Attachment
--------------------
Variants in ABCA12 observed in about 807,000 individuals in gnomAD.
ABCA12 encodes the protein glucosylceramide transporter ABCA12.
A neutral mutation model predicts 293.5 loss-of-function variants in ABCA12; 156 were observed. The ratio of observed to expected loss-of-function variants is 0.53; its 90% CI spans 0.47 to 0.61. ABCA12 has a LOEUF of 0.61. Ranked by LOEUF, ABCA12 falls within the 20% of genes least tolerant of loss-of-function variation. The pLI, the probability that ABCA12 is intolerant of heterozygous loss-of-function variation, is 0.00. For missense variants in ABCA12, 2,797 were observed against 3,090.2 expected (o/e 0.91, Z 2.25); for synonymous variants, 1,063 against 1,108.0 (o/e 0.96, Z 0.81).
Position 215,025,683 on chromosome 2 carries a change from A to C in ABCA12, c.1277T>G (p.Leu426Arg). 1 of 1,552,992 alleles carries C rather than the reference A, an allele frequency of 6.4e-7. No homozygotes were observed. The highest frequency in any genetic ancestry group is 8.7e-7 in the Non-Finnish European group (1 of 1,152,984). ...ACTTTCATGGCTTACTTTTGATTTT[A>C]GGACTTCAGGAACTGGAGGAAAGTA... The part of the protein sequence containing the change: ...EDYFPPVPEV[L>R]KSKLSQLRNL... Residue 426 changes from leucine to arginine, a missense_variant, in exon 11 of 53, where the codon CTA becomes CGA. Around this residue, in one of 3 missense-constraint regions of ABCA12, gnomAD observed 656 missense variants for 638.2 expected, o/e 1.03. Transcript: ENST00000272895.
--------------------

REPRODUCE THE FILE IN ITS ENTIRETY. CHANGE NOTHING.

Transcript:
Variants in ABCA12 observed in about 807,000 individuals in gnomAD.
ABCA12 encodes the protein glucosylceramide transporter ABCA12.
A neutral mutation model predicts 293.5 loss-of-function variants in ABCA12; 156 were observed. The ratio of observed to expected loss-of-function variants is 0.53; its 90% CI spans 0.47 to 0.61. ABCA12 has a LOEUF of 0.61. Ranked by LOEUF, ABCA12 falls within the 20% of genes least tolerant of loss-of-function variation. The pLI, the probability that ABCA12 is intolerant of heterozygous loss-of-function variation, is 0.00. For missense variants in ABCA12, 2,797 were observed against 3,090.2 expected (o/e 0.91, Z 2.25); for synonymous variants, 1,063 against 1,108.0 (o/e 0.96, Z 0.81).
Position 215,025,683 on chromosome 2 carries a change from A to C in ABCA12, c.1277T>G (p.Leu426Arg). 1 of 1,552,992 alleles carries C rather than the reference A, an allele frequency of 6.4e-7. No homozygotes were observed. The highest frequency in any genetic ancestry group is 8.7e-7 in the Non-Finnish European group (1 of 1,152,984). ...ACTTTCATGGCTTACTTTTGATTTT[A>C]GGACTTCAGGAACTGGAGGAAAGTA... The part of the protein sequence containing the change: ...EDYFPPVPEV[L>R]KSKLSQLRNL... Residue 426 changes from leucine to arginine, a missense_variant, in exon 11 of 53, where the codon CTA becomes CGA. Around this residue, in one of 3 missense-constraint regions of ABCA12, gnomAD observed 656 missense variants for 638.2 expected, o/e 1.03. Transcript: ENST00000272895.